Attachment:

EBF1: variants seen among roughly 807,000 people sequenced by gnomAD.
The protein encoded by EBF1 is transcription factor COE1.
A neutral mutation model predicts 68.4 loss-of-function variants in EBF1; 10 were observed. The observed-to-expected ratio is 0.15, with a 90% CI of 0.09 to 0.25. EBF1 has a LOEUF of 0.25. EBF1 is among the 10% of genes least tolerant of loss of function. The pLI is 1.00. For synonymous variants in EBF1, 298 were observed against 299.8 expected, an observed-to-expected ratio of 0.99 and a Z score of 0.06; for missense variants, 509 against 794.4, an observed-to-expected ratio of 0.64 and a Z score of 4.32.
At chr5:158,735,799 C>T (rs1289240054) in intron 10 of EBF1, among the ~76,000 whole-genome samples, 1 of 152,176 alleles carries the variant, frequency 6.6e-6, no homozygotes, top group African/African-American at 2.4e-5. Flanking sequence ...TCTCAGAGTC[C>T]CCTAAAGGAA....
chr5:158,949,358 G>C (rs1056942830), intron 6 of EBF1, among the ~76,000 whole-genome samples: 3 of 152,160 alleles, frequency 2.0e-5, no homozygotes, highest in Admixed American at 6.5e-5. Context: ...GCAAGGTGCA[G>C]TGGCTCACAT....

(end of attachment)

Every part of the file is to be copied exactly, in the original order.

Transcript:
EBF1: variants seen among roughly 807,000 people sequenced by gnomAD.
The protein encoded by EBF1 is transcription factor COE1.
A neutral mutation model predicts 68.4 loss-of-function variants in EBF1; 10 were observed. The observed-to-expected ratio is 0.15, with a 90% CI of 0.09 to 0.25. EBF1 has a LOEUF of 0.25. EBF1 is among the 10% of genes least tolerant of loss of function. The pLI is 1.00. For synonymous variants in EBF1, 298 were observed against 299.8 expected, an observed-to-expected ratio of 0.99 and a Z score of 0.06; for missense variants, 509 against 794.4, an observed-to-expected ratio of 0.64 and a Z score of 4.32.
At chr5:158,735,799 C>T (rs1289240054) in intron 10 of EBF1, among the ~76,000 whole-genome samples, 1 of 152,176 alleles carries the variant, frequency 6.6e-6, no homozygotes, top group African/African-American at 2.4e-5. Flanking sequence ...TCTCAGAGTC[C>T]CCTAAAGGAA....
chr5:158,949,358 G>C (rs1056942830), intron 6 of EBF1, among the ~76,000 whole-genome samples: 3 of 152,160 alleles, frequency 2.0e-5, no homozygotes, highest in Admixed American at 6.5e-5. Context: ...GCAAGGTGCA[G>C]TGGCTCACAT....